Chess24 Sopiko Scotch

Arctic Securities Chess Stars 2010 (Day 1)

Carlsen and Anand the only winners on day one in Kristiansund

Carlsen and Anand drew in Round 3. Photo ©

Carlsen and Anand drew in Round 3. Photo © |

Magnus Carlsen and Viswanathan Anand share the lead on 2.5/3 at the half way point of the preliminary group stages of the Arctic Securities Chess Stars tournament. The organisers will be hoping these two meet in the final on Monday. Both players enjoyed a bit of luck against Jon Ludwig Hammer with Anand being gifted the full point when a draw seemed likely and Carlsen surviving a trivial one move loss where both players missed the obvious if they had only taken a step back.

Carlsen's profile in Norway justified a live TV broadcast of his games and this is available to watch live on the internet.

Arctic Stars Prelim Kristiansund (NOR), 28-29 viii 2010 cat. XX (2736)
1 2 3 4
1. Anand, Viswanathan g IND 2800 * * ½ . 1 . 1 . 2987
2. Carlsen, Magnus g NOR 2826 ½ . * * 1 . 1 . 2979
3. Hammer, Jon Ludvig g NOR 2636 0 . 0 . * * ½ . ½ 2496
4. Polgar, Judit g HUN 2682 0 . 0 . ½ . * * ½ 2481

Round 1 (August 28, 2010)
Anand, Viswanathan - Hammer, Jon Ludvig 1-0 56 C53 Giuoco Piano
Polgar, Judit - Carlsen, Magnus 0-1 35 C67 Ruy Lopez Berlin
Round 2 (August 28, 2010)
Carlsen, Magnus - Hammer, Jon Ludvig 1-0 73 D42 Semi-Tarrasch Defence
Polgar, Judit - Anand, Viswanathan 0-1 4 C65 Ruy Lopez Berlin
Round 3 (August 28, 2010)
Anand, Viswanathan - Carlsen, Magnus ½-½ 31 B77 Sicilian Modern Dragon
Hammer, Jon Ludvig - Polgar, Judit ½-½ 45 E53 Nimzo Indian

Final game of the day Anand against Carlsen. Europe-Echecs are on the spot.. Photo ©:

Anand allowed Jon Ludwig Hammer to equalised in the first game but then the Norwegian panicked.

Jon Ludwig Hammer


Viswanathan Anand

Position after 50.Kb7


Presumably he feared being turned and losing all his pawns after 50...Nf8 51.Bxf8 but that isn't quite the case as 51.Bxf8 Kxf8 52.Kc6 Ke7 53.Kc7 Ke6 54.Kd8 Kd6! 55.Ke8 Kc5 56.Kf7 Kd4 57.Kxf6 Kxe4 58.Kxg5 Kf3 is a draw.

51. exf5 e4 52. Kc6 Ne5+ 53. Kd5 Nd3 54. Bd2 Nf2 55. Bxg5 Nxh3 56. Be3 1-0

Judit Polgar certainly gave it her best shot against Magnus Carlsen with some enterprising play including a piece sacrifice. However Polgar doesn't play enough these days and Carlsen calmly stayed in the game and turned the tables when Polgar couldn't follow through correctly.

Magnus Carlsen


Judit Polgar

Position after 16.Nd6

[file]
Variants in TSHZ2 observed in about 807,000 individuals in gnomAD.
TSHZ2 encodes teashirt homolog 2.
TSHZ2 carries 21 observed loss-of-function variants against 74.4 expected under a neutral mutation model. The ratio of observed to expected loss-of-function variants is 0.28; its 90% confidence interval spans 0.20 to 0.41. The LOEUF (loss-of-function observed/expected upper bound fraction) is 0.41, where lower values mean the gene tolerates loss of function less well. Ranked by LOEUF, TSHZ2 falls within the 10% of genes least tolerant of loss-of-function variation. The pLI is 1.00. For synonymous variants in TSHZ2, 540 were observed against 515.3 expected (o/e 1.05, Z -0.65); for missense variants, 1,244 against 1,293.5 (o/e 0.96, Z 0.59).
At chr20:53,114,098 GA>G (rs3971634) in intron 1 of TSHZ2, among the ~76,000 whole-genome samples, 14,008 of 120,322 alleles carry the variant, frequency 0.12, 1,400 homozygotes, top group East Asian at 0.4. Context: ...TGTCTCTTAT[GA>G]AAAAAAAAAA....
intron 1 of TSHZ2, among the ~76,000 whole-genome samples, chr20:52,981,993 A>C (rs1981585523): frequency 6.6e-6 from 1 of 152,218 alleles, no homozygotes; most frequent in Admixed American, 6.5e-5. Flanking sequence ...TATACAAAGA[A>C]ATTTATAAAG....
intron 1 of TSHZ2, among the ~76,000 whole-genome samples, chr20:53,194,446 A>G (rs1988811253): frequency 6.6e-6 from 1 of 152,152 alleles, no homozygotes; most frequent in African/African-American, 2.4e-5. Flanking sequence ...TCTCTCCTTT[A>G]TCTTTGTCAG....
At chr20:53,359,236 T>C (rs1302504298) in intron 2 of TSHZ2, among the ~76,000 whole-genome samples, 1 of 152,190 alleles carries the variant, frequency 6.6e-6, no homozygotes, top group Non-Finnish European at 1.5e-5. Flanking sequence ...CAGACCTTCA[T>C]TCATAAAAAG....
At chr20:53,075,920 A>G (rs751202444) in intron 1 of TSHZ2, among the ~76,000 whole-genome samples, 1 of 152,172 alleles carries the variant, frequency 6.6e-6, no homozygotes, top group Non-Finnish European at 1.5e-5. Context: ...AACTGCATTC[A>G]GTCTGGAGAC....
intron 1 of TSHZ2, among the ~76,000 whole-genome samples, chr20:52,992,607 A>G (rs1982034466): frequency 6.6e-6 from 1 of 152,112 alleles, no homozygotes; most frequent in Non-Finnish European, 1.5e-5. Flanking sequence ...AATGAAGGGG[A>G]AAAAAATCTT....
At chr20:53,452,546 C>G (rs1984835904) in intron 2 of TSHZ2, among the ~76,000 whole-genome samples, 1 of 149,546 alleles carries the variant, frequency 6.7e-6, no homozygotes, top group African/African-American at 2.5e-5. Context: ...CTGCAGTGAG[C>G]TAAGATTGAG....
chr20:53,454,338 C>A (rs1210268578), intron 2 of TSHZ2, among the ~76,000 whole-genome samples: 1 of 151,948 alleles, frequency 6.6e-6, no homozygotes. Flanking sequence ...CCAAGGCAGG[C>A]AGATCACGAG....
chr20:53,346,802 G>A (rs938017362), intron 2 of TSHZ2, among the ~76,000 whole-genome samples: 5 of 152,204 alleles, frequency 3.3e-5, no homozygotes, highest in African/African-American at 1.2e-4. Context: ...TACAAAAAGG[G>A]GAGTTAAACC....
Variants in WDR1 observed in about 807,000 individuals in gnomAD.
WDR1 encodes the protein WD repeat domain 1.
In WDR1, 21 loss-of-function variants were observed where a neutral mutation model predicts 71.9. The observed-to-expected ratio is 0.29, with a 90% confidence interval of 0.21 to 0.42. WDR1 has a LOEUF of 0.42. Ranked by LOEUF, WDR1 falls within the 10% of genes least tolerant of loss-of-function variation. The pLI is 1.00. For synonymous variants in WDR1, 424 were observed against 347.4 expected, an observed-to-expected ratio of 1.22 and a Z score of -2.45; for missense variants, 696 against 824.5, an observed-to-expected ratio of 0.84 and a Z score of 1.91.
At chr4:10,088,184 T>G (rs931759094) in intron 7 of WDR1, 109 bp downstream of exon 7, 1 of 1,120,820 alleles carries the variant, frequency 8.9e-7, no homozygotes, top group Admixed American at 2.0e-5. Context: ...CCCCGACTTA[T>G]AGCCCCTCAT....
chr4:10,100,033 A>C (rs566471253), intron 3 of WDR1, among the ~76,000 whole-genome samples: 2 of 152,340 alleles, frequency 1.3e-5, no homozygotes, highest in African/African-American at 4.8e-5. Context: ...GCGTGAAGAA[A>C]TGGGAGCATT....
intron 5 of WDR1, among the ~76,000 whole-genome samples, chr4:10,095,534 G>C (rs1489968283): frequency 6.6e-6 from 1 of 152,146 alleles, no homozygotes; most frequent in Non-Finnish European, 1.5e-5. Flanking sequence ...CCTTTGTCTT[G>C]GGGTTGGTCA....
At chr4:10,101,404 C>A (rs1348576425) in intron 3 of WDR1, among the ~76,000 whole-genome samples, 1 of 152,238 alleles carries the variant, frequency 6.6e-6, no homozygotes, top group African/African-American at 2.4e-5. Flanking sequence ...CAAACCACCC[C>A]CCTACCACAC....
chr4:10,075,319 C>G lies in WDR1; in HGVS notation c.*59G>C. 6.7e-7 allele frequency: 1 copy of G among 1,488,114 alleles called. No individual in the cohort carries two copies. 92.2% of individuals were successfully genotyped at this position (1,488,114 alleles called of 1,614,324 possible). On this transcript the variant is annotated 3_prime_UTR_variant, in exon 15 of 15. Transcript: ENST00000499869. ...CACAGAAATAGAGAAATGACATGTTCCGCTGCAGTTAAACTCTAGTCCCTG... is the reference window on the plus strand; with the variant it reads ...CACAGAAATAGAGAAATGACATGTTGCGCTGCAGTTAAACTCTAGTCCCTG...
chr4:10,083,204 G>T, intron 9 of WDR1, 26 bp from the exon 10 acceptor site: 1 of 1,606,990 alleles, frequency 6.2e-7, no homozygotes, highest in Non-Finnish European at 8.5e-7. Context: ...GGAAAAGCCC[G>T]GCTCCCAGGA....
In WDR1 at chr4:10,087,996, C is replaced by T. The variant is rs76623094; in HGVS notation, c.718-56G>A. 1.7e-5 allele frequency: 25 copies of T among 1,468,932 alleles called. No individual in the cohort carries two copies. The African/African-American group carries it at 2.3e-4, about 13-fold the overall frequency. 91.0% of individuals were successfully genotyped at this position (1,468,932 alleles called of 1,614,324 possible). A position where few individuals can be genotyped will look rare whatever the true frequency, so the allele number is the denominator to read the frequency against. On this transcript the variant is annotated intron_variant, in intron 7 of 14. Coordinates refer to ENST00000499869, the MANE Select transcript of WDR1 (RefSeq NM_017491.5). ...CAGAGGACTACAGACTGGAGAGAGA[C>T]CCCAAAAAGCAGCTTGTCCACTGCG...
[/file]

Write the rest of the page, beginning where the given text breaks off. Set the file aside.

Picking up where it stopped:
16. Nd6+ cxd6 17. exd6 Nd5 18. c4 Nxf4 19. d7+ Kd8 20. Ne5 Be7 21. axb6 Ne2+ 22. Kf1 Nd4 23. dxc8=Q+ Kxc8 24. b4?

Polgar has played some very tricky ideas but now she has to find accurate moves. Now 24.Re1 might be the very best, but walking into a fork doesn't seem especially sensible. Now she gets pushed back.

24...f6 25. Nd3 cxb4 26. c5 Nc6 27. Rac1 Rd8 28. Ke1 Rd5 29. Rc4 a5 30. Re4 Ne5 31. Ke2 Rxd3 32. Rxe5 Rxd1 33. Rxe7 Rd7 34. Re8+ Rd8 35. Re7 b3 0-1

Anand beat Polgar in game two in a game that wasn't broadcast due to problems but which is now available.

Magnus Carlsen and Jon Ludwig Hammer in Round 2. Photo © the excellent live coverage on TV at:

Magnus Carlsen won a long game against Jon Ludwig Hammer where Hammer contributed with some enterprising play but Carlsen came out on top. However that isn't quite the full tale as Carlsen blundered horribly and allowed a win in one move that his opponent didn't spot, a case of mutual chess blindness. Hammer was down to his last minute and had decided to speed up and had more or less preplanned his reply to something to d2 not noticing the difference between a rook and a bishop going to that square.

Jon Ludwig Hammer


Magnus Carlsen

Position after 38...Rh2

Here 39. Rxe8+ Kf7 40. Rd2 Rcxd2 41. Bxd2 Kxe8 42. Bc3 is drawish)

39.Rd2??? Rhxd2?

39...Rc1+ would have been horribly embarrassing for Carlsen. Now he wins with a long grind.

40. Bxd2 Kf7 41. Bc3 Bxa4 42. Rb7+ Ke6 43. Rxg7 Bb5+ 44. Kg1 Be8 45. Rh7 Kf5 46. Rxh6 Kg5 47. Re6 Bxh5 48. Re5+ Kh6 49. f4 Kg6 50. f5+ Kf7 51. f6 Bg6 52. Re7+ Kf8 53. Rc7 Ke8 54. b4 Kd8 55. Rc5 Kd7 56. b5 Kd6 57. Bb4 Rb2 58. Ba3 Ra2 59. Rc3+ Ke6 60. b6 Ra1+ 61. Kf2 Be4 62. Be7 Bh1 63. Re3+ Kf7 64. Rb3 Bb7 65. Ke3 Ra5 66. Rc3 Rb5 67. Rc7 Bh1 68. Bd8+ Ke8 69. f7+ Kf8 70. Bf6 Bd5 71. Bd4 Bxf7 72. b7 Be8 73. Ba7 1-0

In the final Round Hammer and Polgar drew in a Nimzo-Indian.

Magnus Carlsen and Viswanathan Anand in action. Photo © the excellent live coverage on TV at:

Carlsen and Anand drew an interesting Sicilian Dragon where Carlsen's exposed King certainly gave cause for concern but the major piece middlegame had drawish traits. The game ended in perpetual check when Carlsen generated some strong counterthreats of his own.

Magnus Carlsen


Viswanathan Anand

Position after 22.g4

22...h4 23. g5 Qf5+ 24. Ka2 h3 25. Rh2 Kg8 26. Rdh1 Rac8 27. Qxd6 Rc2 28. Rxc2 Qxc2 29. Rxh3 Re1 30. Qd8+ Kg7 31. Qf6+ Kg8 1/2-1/2

View the games on this Page

Download the PGN from this page


Shereshevsky Method

Chess and Bridge Shop Titled Tuesday

ChessBase Ad 6 Live DB

American Chess Magazine 4

Ginger GM - Chess Grandmaster Simon Williams

Contact Mark Crowther (TWIC) if you wish to advertise here.

The Week in Chess Magazine

Send a £30 donation via Paypal and contact me via email (Email Mark Crowther - I'll send you an address for a cbv file of my personal copy of every issue of the games in one database. Over 2 million games.

Read about 20 years of TWIC.

Read about issue 1200.

TWIC 1211 22nd January 2018 - 2165 games

Read TWIC 1211

Download TWIC 1211 PGN

Download TWIC 1211 ChessBase